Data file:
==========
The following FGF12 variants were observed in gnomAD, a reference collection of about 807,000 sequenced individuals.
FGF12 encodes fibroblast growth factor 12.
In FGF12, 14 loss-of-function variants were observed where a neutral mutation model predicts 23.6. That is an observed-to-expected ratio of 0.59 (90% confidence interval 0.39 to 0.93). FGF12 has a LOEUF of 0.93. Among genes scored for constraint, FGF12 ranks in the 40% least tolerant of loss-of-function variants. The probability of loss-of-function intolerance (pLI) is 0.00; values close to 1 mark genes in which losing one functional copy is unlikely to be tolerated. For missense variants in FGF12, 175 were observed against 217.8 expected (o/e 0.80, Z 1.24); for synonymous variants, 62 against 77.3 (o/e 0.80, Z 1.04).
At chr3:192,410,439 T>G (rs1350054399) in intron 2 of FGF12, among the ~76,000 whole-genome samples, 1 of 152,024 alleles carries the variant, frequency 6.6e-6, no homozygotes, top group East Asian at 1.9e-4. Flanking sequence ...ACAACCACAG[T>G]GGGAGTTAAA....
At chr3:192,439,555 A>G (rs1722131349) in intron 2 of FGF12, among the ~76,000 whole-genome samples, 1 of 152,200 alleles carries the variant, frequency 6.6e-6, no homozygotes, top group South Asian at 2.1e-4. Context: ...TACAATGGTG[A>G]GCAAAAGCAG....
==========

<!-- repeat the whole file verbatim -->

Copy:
The following FGF12 variants were observed in gnomAD, a reference collection of about 807,000 sequenced individuals.
FGF12 encodes fibroblast growth factor 12.
In FGF12, 14 loss-of-function variants were observed where a neutral mutation model predicts 23.6. That is an observed-to-expected ratio of 0.59 (90% confidence interval 0.39 to 0.93). FGF12 has a LOEUF of 0.93. Among genes scored for constraint, FGF12 ranks in the 40% least tolerant of loss-of-function variants. The probability of loss-of-function intolerance (pLI) is 0.00; values close to 1 mark genes in which losing one functional copy is unlikely to be tolerated. For missense variants in FGF12, 175 were observed against 217.8 expected (o/e 0.80, Z 1.24); for synonymous variants, 62 against 77.3 (o/e 0.80, Z 1.04).
At chr3:192,410,439 T>G (rs1350054399) in intron 2 of FGF12, among the ~76,000 whole-genome samples, 1 of 152,024 alleles carries the variant, frequency 6.6e-6, no homozygotes, top group East Asian at 1.9e-4. Flanking sequence ...ACAACCACAG[T>G]GGGAGTTAAA....
At chr3:192,439,555 A>G (rs1722131349) in intron 2 of FGF12, among the ~76,000 whole-genome samples, 1 of 152,200 alleles carries the variant, frequency 6.6e-6, no homozygotes, top group South Asian at 2.1e-4. Context: ...TACAATGGTG[A>G]GCAAAAGCAG....